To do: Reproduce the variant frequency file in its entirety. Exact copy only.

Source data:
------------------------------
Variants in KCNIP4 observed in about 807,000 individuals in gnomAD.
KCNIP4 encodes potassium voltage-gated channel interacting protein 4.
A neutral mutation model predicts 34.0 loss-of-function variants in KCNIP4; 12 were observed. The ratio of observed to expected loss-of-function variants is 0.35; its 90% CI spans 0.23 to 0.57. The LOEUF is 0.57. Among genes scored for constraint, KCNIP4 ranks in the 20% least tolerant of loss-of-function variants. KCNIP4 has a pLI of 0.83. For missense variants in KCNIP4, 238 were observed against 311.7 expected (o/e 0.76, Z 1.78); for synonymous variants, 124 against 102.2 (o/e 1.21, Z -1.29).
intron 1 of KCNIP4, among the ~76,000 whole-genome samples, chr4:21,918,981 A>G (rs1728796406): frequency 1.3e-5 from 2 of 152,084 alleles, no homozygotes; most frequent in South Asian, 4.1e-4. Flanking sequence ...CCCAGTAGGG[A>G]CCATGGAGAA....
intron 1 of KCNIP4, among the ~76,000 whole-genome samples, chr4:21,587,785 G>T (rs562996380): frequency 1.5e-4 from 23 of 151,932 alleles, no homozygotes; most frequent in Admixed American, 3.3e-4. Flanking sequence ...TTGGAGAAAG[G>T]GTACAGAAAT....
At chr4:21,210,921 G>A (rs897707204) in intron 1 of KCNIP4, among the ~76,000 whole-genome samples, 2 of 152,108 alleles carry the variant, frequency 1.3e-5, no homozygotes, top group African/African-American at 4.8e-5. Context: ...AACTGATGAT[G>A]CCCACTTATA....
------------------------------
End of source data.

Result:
Variants in KCNIP4 observed in about 807,000 individuals in gnomAD.
KCNIP4 encodes potassium voltage-gated channel interacting protein 4.
A neutral mutation model predicts 34.0 loss-of-function variants in KCNIP4; 12 were observed. The ratio of observed to expected loss-of-function variants is 0.35; its 90% CI spans 0.23 to 0.57. The LOEUF is 0.57. Among genes scored for constraint, KCNIP4 ranks in the 20% least tolerant of loss-of-function variants. KCNIP4 has a pLI of 0.83. For missense variants in KCNIP4, 238 were observed against 311.7 expected (o/e 0.76, Z 1.78); for synonymous variants, 124 against 102.2 (o/e 1.21, Z -1.29).
intron 1 of KCNIP4, among the ~76,000 whole-genome samples, chr4:21,918,981 A>G (rs1728796406): frequency 1.3e-5 from 2 of 152,084 alleles, no homozygotes; most frequent in South Asian, 4.1e-4. Flanking sequence ...CCCAGTAGGG[A>G]CCATGGAGAA....
intron 1 of KCNIP4, among the ~76,000 whole-genome samples, chr4:21,587,785 G>T (rs562996380): frequency 1.5e-4 from 23 of 151,932 alleles, no homozygotes; most frequent in Admixed American, 3.3e-4. Flanking sequence ...TTGGAGAAAG[G>T]GTACAGAAAT....
At chr4:21,210,921 G>A (rs897707204) in intron 1 of KCNIP4, among the ~76,000 whole-genome samples, 2 of 152,108 alleles carry the variant, frequency 1.3e-5, no homozygotes, top group African/African-American at 4.8e-5. Context: ...AACTGATGAT[G>A]CCCACTTATA....